The most horrifying stories, according to Chuck Palahniuk, are those that could happen. And the greatest monsters are the invisible ones living within us. He explores this in the reincarnation of his novel, Invisible Monsters, now published as Invisible Monsters, Remix.
It’s a bit like On the Road, with less booze, more painkillers, and a ton of hormone drugs. The novel opens with a building on fire, an enraged, half-naked bride waving a gun and a bloody shoot out. The narrator is a beautiful model who appears to have had a beautiful life. Great looks, good work, a best friend, and a fiancé. And yet she’s a part of this landscape of broken dreams and murder. How did she get there? Well, there’s the fun.
Shannon McFarland is horribly disfigured in an accident and must learn how to speak again, as her jaw is missing. Birds carried it away. She loses the ability to speak, her fiancé, her apartment, and her best friend steals her clothes (and jobs). She then meets the beautiful and seductive Brandy Alexander, Queen Supreme while they are in physical rehab. Brandy is constantly reinventing her persona, and all those around her. After meeting Brandy, Shannon becomes Daisy St. Patience.
There are so many plots and twists and turns. You think you know who one character is and yet you don’t. They change, with such sudden force that you can’t keep up. Add to that the layout of the novel and you’re quite lost. Almost as lost as Shannon, aka Daisy St. Patience after her accident. She keeps secrets from the reader just as she refused to acknowledge the truth to herself. We learn her story piece-meal, chapter by chapter, bit by bit. We jump from chapter to chapter and only at the conclusion do you suspect that this narrative form is a trick. You’ve skipped some chapters, and so you start again, marking chapters you’ve read, jumping from page to page, hunting for those last pages that should reveal something, anything that will complete the book (and your sense of self).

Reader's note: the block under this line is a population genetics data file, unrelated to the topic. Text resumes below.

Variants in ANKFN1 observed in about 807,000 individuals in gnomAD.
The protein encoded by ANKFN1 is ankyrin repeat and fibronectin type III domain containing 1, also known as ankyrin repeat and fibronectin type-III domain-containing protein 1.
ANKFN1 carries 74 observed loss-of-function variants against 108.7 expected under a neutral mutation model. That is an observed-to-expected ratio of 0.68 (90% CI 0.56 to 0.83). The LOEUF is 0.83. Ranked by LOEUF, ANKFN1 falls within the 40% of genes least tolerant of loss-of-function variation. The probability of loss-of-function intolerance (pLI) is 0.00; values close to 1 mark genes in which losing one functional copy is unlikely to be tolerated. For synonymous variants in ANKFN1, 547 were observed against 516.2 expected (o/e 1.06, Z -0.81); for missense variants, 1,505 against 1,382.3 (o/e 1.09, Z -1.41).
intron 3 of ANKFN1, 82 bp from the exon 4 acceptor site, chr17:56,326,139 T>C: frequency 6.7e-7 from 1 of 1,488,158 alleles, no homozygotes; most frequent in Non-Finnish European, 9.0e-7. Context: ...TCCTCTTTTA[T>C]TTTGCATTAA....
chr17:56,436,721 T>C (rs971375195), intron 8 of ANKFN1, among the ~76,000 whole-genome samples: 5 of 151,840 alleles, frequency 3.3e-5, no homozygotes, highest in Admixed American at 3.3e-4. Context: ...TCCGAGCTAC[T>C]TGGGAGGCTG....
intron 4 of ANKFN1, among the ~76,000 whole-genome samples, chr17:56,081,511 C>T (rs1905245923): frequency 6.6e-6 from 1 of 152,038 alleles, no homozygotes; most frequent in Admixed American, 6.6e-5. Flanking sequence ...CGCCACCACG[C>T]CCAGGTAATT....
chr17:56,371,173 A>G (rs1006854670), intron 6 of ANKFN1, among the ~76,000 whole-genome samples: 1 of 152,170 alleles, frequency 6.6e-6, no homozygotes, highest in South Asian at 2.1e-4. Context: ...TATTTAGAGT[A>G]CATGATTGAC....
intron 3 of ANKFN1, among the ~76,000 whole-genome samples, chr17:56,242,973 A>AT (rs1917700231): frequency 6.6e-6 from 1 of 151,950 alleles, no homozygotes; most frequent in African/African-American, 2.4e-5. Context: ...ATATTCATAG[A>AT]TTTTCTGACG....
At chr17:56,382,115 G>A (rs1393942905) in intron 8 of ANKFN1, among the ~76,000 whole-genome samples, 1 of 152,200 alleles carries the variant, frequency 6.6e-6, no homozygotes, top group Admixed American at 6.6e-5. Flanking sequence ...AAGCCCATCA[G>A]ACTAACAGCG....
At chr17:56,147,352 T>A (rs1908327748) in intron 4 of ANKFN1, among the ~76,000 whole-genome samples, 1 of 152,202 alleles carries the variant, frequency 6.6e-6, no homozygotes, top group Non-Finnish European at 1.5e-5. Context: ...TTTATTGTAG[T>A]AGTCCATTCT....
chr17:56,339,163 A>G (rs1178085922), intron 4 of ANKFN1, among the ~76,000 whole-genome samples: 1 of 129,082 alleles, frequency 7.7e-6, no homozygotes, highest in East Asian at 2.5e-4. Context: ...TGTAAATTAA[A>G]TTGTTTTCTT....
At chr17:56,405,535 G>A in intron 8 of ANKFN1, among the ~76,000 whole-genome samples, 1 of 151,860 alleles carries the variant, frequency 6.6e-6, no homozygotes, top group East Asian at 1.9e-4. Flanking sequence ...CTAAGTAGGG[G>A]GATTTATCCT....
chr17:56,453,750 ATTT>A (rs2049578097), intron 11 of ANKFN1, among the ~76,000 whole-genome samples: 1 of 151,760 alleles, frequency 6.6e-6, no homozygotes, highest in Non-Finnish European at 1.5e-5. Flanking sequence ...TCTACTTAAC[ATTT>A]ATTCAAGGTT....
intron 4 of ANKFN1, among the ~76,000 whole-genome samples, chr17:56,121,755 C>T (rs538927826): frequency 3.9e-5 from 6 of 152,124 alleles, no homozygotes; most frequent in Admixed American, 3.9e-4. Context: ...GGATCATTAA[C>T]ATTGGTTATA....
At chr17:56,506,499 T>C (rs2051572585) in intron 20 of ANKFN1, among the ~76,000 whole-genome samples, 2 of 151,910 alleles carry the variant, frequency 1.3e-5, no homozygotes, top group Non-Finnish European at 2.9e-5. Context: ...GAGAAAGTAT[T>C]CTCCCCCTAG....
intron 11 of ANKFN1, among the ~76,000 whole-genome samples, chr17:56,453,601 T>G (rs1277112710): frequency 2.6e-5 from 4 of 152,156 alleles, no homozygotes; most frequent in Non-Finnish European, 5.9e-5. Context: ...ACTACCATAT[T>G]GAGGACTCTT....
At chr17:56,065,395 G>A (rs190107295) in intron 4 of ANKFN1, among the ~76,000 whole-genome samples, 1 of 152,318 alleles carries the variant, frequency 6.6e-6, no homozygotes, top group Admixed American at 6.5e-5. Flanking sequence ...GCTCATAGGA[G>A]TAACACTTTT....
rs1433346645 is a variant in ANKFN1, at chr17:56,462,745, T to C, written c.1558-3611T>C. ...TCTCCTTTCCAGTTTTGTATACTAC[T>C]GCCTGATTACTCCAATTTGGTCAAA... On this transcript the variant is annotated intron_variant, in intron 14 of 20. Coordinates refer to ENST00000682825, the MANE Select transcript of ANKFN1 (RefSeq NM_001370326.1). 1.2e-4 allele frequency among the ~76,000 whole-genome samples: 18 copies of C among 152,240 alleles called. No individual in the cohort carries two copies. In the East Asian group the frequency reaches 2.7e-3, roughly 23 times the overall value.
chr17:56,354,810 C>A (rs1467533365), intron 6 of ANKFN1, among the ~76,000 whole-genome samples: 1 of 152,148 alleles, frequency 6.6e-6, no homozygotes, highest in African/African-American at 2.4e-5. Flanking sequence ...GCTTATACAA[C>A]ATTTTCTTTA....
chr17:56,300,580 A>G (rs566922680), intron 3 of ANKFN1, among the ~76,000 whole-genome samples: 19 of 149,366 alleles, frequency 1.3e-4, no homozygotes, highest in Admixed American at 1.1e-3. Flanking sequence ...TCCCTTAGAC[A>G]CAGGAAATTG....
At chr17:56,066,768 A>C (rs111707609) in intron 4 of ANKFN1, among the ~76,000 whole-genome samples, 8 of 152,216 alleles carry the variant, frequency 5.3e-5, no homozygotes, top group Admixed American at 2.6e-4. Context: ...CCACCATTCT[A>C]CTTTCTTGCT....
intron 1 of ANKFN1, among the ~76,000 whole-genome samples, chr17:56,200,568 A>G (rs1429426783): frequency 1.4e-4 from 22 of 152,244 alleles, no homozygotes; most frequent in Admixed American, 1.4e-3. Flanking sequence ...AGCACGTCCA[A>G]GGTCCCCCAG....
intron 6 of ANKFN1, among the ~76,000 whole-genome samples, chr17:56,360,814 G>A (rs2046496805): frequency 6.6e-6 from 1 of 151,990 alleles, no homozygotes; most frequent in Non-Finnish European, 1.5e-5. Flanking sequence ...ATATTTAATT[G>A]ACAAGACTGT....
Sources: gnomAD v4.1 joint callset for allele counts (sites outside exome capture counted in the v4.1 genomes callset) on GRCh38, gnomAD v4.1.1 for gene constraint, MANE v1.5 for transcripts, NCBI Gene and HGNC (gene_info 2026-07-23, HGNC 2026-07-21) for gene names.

Shannon, aka Daisy St. Patience, distances herself from her family to make a new one. Her parents kick out her brother for being gay and later discover that he died of AIDS. She is jealous of her dead brother because he gets so much attention. Her parents change their mind about their gay son and join PFLAG and march in the Pride Parade. They spend all their time on their dead son and ignore their living daughter. They don’t even notice that she disappears after the accident, nor do they know what happened to her. They never visit her in the hospital. This family is so lost: they are all invisible to one another. No one knows who the other person is, where they are, or what they are doing. They only focus on the others in relation to themselves.
While reading this book, you are forced to acknowledge yourself and your role as the reader in many capacities. You read a re-introduction to the novel by the author who asks you to skip over 3/4 of the book and begin with chapter 41. At the end of chapter 41, you are asked to jump to chapter 1. This goes on with every chapter, the author guides you through the novel. Back and forth, until finally you think you have reached the end. But you are highly aware that somehow you have skipped the three chapters that have been printed backwards. And so you search for those chapters. The ones that Palahniuk recommends you read in front of the mirror. So now you’re looking at yourself as you’re reading a novel. Because we don’t get enough reflections of ourselves. As Palahniuk points out, there are so many screens in our lives that show us reflections: televisions, computer monitors, cell phones, windows, etc. So after almost finishing reading a novel about a self-involved model we are now looking at ourselves as we read. Generally when one reads, one forgets about oneself. And yet, Palahniuk is asking us to look at ourselves as we are reading his words. We are placing ourselves in his world. We become this invisible character in the novel. We are that fourth main character that Palahniuk has created.
Invisible Monsters, Remix is an ingenious reincarnation of a previously published work. Palahniuk uses this reprint as an opportunity to revisit and return the novel to what he originally envisioned. Yes, it’s a bit challenging, and yes, you feel a bit lost at times, but that’s the point. And for a novel to create those feelings, for a writer to ask you to physically enter his novel is beautiful.